Andrew Ross, reviewing Occupy!: Scenes from Occupied America, Verso's new book of essays and reflections on the Occupy movement, thinks we may be looking forward to an American Spring, or at least a resurgence in grassroots activism across the United States. In the meantime, he suggests we take advantage of the lull in antipathies to assess the impact and lessons of OWS.
Occupy! reads, according to Ross, "like a series of diary entries – on-the-ground vignettes, testimonials of events, and snap analysis of where it might all be heading." It's a good starting point, then, to pull apart the complex tangle of ideologies, grievances and ambitions that make up the movement. Unsuprisingly for an urban movement of predominantly young people, Occupy has been adept at creating its own media outlets. But perhaps incoherence is programmed into the ideological structure of Occupy–Carl Wilkinson, writing for the Financial Times, certainly thinks so, claiming the "essays, diaries and sketches...reflect the protest's freeform nature and lack of coherent message."
This mix of perspectives is, for Ross, the value of Occupy!. It throws light on the logistical difficulties faced by occupiers, such as how to confront "the homeless question" at the camps, as well as issues around organisation emerging from the General Assembly (GA) model of consensus decision-making, such as avoiding reproducing the very patterns of oppression and privilege it was trying to combat:
Complaints about the neglect of race and gender are the most common, righteous cause of disturbance, and when the outcome reinforces the GA's reliance on the "progressive stack" - whereby speakers of (white, male-identified) privilege are encouraged to "step back" - the interference has an alchemy that is breathtaking. Manissa Maharawal describes how she and other members of South Asians for Justice stood up to block the GA consensus on the Declaration of the Occupation of Wall Street: she "felt like something important had just happened, that we had just pushed the movement a little bit closer to the movement I would like to see".
These are insights into a process which is under constant change, as well as constant stress. For Carl Wilkinson, a highlight of the collection is an essay on violence and the state by Rebecca Solnit which "underlines hopes for a new form of dialogue", as well Marco Roth's 'Letters of Resignation from the American Dream', which tackles the disparate nature of the antagonisms behind the protests, "the array of complaints collected under the catch-all banner of "We are the 99%".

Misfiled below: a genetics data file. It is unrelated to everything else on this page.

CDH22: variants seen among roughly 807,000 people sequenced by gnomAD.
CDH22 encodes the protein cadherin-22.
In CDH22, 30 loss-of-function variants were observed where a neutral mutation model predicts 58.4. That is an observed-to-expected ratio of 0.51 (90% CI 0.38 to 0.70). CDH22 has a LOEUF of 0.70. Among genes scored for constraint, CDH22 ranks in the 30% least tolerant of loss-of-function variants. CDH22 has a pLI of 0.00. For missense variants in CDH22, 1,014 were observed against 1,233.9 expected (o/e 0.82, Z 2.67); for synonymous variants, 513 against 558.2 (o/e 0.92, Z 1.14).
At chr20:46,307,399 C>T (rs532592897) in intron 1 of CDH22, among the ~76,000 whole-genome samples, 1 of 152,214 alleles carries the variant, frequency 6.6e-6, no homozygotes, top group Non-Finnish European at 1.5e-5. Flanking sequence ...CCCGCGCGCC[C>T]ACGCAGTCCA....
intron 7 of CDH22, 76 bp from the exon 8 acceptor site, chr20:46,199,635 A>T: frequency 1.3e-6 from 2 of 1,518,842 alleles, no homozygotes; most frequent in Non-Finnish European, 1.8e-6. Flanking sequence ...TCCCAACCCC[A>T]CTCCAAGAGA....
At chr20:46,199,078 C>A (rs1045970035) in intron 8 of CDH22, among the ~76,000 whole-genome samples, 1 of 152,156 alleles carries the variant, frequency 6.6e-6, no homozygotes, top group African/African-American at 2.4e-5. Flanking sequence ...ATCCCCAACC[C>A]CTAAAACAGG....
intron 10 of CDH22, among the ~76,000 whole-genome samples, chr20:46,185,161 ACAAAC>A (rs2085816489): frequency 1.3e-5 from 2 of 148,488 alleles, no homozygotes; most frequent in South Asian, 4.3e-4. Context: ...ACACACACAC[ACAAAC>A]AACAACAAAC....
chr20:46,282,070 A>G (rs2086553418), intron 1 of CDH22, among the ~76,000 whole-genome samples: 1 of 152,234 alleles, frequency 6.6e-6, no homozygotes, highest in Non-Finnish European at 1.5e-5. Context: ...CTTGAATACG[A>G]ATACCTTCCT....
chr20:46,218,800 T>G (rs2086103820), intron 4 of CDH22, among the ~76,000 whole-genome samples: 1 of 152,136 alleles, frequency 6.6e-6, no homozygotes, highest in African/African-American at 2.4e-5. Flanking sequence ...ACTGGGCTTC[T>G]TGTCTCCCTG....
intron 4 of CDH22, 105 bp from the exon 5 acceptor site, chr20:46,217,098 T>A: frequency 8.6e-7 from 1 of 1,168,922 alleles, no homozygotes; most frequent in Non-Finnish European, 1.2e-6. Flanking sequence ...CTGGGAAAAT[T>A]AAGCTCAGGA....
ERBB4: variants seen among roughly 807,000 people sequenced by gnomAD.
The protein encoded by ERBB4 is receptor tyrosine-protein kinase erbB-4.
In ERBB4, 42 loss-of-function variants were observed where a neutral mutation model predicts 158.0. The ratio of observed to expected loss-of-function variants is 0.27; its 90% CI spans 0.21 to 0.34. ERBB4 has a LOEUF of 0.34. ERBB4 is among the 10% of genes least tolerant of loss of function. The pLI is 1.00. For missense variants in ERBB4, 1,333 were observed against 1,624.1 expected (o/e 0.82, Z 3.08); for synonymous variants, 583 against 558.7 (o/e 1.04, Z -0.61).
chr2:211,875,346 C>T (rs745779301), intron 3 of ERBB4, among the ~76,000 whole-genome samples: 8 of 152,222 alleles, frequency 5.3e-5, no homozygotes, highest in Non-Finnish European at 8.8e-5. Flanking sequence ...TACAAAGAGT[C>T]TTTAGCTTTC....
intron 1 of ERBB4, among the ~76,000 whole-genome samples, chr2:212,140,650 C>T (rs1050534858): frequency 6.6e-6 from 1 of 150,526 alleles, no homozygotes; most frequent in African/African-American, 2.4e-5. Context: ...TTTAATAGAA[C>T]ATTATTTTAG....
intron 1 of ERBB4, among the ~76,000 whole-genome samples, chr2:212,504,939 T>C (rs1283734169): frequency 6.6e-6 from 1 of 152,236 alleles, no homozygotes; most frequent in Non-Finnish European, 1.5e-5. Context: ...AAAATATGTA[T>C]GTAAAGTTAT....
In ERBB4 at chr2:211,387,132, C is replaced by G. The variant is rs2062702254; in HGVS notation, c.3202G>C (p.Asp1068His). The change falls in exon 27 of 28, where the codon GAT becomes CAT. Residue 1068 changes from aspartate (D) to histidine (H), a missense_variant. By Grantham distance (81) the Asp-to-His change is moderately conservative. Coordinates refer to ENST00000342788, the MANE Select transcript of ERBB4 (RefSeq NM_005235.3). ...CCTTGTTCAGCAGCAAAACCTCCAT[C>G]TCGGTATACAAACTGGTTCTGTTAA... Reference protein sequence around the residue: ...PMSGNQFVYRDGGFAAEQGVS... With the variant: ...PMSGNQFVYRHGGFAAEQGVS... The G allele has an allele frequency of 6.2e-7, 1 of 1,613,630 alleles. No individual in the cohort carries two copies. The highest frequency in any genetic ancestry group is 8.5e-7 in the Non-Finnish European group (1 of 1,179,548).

These are the documents of a movement focused on, as Ross puts it, "prefiguration"–a fluctuating, amorphous social force trying to formulate its angers and desire in an inclusive, positive manner, learning from its mistakes as it goes. That inclusivity forms the backbone of the book as an editorial project; the editorial team grew from Occupy!: An OWS-Inspired Gazette, an impromptu publication aimed at reflecting the struggle from the point of view of those on the ground. Although the book features transcripts of addresses to the GA by Angela Davis, Slavoj Žižek and Judith Butler, the majority of the book, according to Ross, are the voices of "movement participants – not armchair analysts or journos on a short deadline – so the pages of each volume ring with authenticity."
Andrew Ross' review is now available on the Guardian website.
Carl Wilkinson's review can be read at the Financial Times.
To read more on the editorial process and the creation of Occupy! Scenes from Occupied America, please see our roundtable discussion with the editors.